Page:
I was about to give a speech and, while listening to my host's introduction, I realized that it sounded like my obituary. He talked about what I had accomplished, but it made no mention of who I really was.

The words used to describe me were ones that I had hoped would give me credibility with my audience. Then I got to thinking that some of our problems with money are also because we allow it to define us. We become our possessions or our balance sheets.

As we are "dying" from what the markets have done to our hard-earned savings, maybe we need to take a moment and a deep breath to think about how good we really have it. I thought I would share some lessons that I have learned from friends and acquaintances who have passed away. From these lessons, I hope that I can live my real obituary -- especially the typical husband and father part.

He had a sense of gratitude. One of our seemingly healthiest clients died relatively unexpectedly of a very fast-growing cancer. I do not recall a meeting that I ever had with this person when he and his wife did not in some way express gratitude for the life that they had. Even as the cancer claimed his body, he continued to appreciate all that he had in his life. As sad as it was for his wife to lose him, she would continue to comment on the many great years that they had had together.

In his book "Thanks! How Practicing Gratitude Can Make You Happier," Robert Emmons describes the long-lasting effects of gratitude because "grateful thinking fosters the savoring of positive life experiences ... may directly counteract the process by which our happiness level returns to its set-point, and makes it harder to take for granted and adapt to our blessings."

While many of us have been dealt difficult hands, some almost impossibly difficult, a sense of gratitude for what is going right can counterbalance those things that are not working out as planned.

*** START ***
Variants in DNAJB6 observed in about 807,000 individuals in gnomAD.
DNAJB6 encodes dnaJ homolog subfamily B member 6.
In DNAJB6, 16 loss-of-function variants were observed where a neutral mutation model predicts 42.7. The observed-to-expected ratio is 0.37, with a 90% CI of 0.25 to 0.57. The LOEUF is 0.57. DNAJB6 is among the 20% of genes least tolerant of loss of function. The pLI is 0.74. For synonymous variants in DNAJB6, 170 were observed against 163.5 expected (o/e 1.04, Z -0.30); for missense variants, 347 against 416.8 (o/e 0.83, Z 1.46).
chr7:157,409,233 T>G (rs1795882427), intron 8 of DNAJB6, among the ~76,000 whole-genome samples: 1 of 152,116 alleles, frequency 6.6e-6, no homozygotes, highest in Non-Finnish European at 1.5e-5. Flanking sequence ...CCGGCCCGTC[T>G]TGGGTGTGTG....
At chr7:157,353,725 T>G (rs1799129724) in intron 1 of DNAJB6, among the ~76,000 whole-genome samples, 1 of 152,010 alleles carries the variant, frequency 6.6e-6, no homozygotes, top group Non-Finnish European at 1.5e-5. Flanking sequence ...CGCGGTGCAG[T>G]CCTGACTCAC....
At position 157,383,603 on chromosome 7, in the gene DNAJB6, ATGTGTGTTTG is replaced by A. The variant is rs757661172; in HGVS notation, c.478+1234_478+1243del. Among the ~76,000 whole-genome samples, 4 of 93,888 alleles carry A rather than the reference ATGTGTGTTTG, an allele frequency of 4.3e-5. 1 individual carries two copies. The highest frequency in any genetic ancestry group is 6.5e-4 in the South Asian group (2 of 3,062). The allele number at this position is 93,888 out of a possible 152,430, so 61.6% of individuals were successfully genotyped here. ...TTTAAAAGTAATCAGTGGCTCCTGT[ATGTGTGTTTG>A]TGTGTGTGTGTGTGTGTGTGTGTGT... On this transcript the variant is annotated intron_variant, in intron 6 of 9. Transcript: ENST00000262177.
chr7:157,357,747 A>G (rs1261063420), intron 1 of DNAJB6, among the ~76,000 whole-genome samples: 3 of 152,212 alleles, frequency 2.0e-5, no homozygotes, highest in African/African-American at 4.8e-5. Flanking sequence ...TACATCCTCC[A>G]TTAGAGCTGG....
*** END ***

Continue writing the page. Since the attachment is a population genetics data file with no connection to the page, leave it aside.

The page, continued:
He gave to those from whom he expected nothing in return. One of my friends was describing his father's obituary guest book. The father had left his wallet in a gas station in a small town in central Minnesota. When the attendant mailed the wallet back with a note, the father sent a thank-you note and a gift basket. While this incident happened several years ago, the attendant noticed the obituary and described the story in the guest book. The reciprocal goodness from these actions left lifelong impressions with both people.

Emmons says that "life is about giving, receiving and repaying." While we spend so much time focusing on the big things, it is often the little things that create life's richness.

He was interested in much and many. I recently went to a funeral that was filled to the rafters with people who came to pay the last respects to the coach and teacher who had passed away. Most significant to me were the varied walks of life represented by the people who packed the church. In addition to his family, attendees included kids he taught and coached, friends with whom he hunted and fished, fellow parishioners and dozens of others in whose life he took an interest. This was a person who had many passions and was also passionate about others. The crowded worship hall was a testament to how much impact we can have in our daily interactions.

He lightened others' loads. One of our clients who passed away from ALS kept us laughing from beginning to end of each meeting. Even when the illness prevented him from communicating, he never lost the twinkle in his eye. While he was a very successful and even intense business owner, he saw the humor and lightness in much of life. The laughter with which he surrounded himself helped everyone through the trauma of his terrible disease.

She recognized how connected we all are. One of our clients was a woman who died of cancer. She had spent her life volunteering for a number of causes. She viewed her time of service as an acknowledgment of all that she had been given in her lifetime and as a way to support those who had less. "We all begin life dependent on others, and most of us end life dependent on others. In between, we have roughly sixty years or so of unacknowledged dependency. The human condition is such that throughout life, not just at the beginning and end, we are profoundly dependent on other people," Emmons writes.

This has been a difficult year financially for many of us. But the riches that we leave behind often have nothing to do with money.

Spend your life wisely.

Ross Levin is the founding principal of Accredited Investors Inc. in Edina. He is a certified financial planner and author of "The Wealth Management Index." His Gains & Losses column appears on the fourth Sunday of each month. His e-mail is ross@accredited.com.